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Looking at some of the comments I realize I might not know what you mean by ordered pair exactly. That said, under one way of interpreting the term "ordered pair" you simply can't usually pick a function at random from the set of all functions from elements of a sequence of the positive integers to the real numbers, such that it can get said to map from an unordered pair of elements of positive integers to a real number. For example, for the subtraction function - with this domain and codomain, it doesn't work out such that -(x, y)=-(y, x). The subtraction function takes ordered pairs such as (3, 4) to a real number. For a binary function B, you need commutation B(x, y)=B(y, x) to hold for the function to meaningfully take an unordered pair to a real number. For a trinary function T you need

T(x, y, z)=T(x, z, y)=T(y, x, z)=T(y, z, x)=T(z, x, y)=T(z, y, x). In general, for an n-ary function you'd need all permutations of variables to come as equivalent, which only holds in exceptional cases.

With N+ denoting the positive integers, you might write f:(N+, N+)->R, such that

for all x, y, f(x, y)=f(y, x). So, the function f takes a member m of N+, and another member n of N+ in that order, such that if m does not equal n, the order in which f took those elements of the domain doesn't matter since f(m, n)=f(n, m). The extra condition (axiom) of commutation or commutativity implies the unorderedness.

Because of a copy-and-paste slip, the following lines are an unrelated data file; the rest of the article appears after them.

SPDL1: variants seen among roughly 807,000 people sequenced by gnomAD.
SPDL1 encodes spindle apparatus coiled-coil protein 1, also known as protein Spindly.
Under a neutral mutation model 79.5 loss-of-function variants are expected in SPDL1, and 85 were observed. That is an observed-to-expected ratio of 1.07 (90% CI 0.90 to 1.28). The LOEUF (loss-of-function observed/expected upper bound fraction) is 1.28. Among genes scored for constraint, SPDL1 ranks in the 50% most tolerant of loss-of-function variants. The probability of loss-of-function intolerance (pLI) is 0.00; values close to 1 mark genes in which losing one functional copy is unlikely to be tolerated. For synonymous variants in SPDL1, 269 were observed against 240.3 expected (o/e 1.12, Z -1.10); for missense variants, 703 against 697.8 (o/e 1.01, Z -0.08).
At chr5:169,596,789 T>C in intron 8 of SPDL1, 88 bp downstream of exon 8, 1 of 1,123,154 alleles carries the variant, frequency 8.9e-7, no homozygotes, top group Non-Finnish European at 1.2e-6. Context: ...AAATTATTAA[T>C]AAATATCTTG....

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@Doug: This is false; you very well can have a function taking unordered pairs of positive integers to real numbers, because the function need not have anything to do with the elements of the unordered pair. Given any non-empty set $X$, there are uncountably many functions from $X$ to $\mathbb{R}$. That doesn't change depending on whether $X$ is a set of unordered pairs of positive integers, or a set of anything else. So I think you are misinterpreting the question. –  Zev Chonoles Oct 21 '11 at 16:54
@Doug: A pair (ordered or unordered) of positive integers is one object. All functions input one object and output one object; whether or not those objects are pairs, triples, sequences, or whatever is immaterial. –  Zev Chonoles Oct 21 '11 at 23:45
You are confused, or rather, you are too rigid in your refusal to think about functions in any way other than the way you want to. I don't have time to continue discussing this. I recommend you ask a question about this issue, presumably the collective efforts of the community here can do a better job explaining this better than I can. –  Zev Chonoles Oct 22 '11 at 4:49
@Doug: Well, why not ask a question along the lines of "how can a function have more than one arity", explaining your point of view and asking whether what I am saying makes any sense. Don't you want to clear up why your post received all these downvotes, and why my comments have received all these upvotes? At any rate, I am sure the answers to the question will be enlightening (for both of us). Or, don't ask a question, and that will simply be the end of the matter - as I said, I am not going to discuss it further. –  Zev Chonoles Oct 22 '11 at 4:55
I see. On a few personal notes: I am aware you were suspended (I think) after/during a conversation with me. I did not flag any of your posts or desire your suspension at all, even if I believe you were consistently wrong. Second, when you post on a Q&A site, or communicate with others generally, there's implicitly some level of desire to understand others and be understood yourself. So downvotes tell you you're either wrong about something (which you should care about), or your audience doesn't understand what you've written or some issue at hand (which you should also care about) methinks. –  anon Oct 23 '11 at 0:30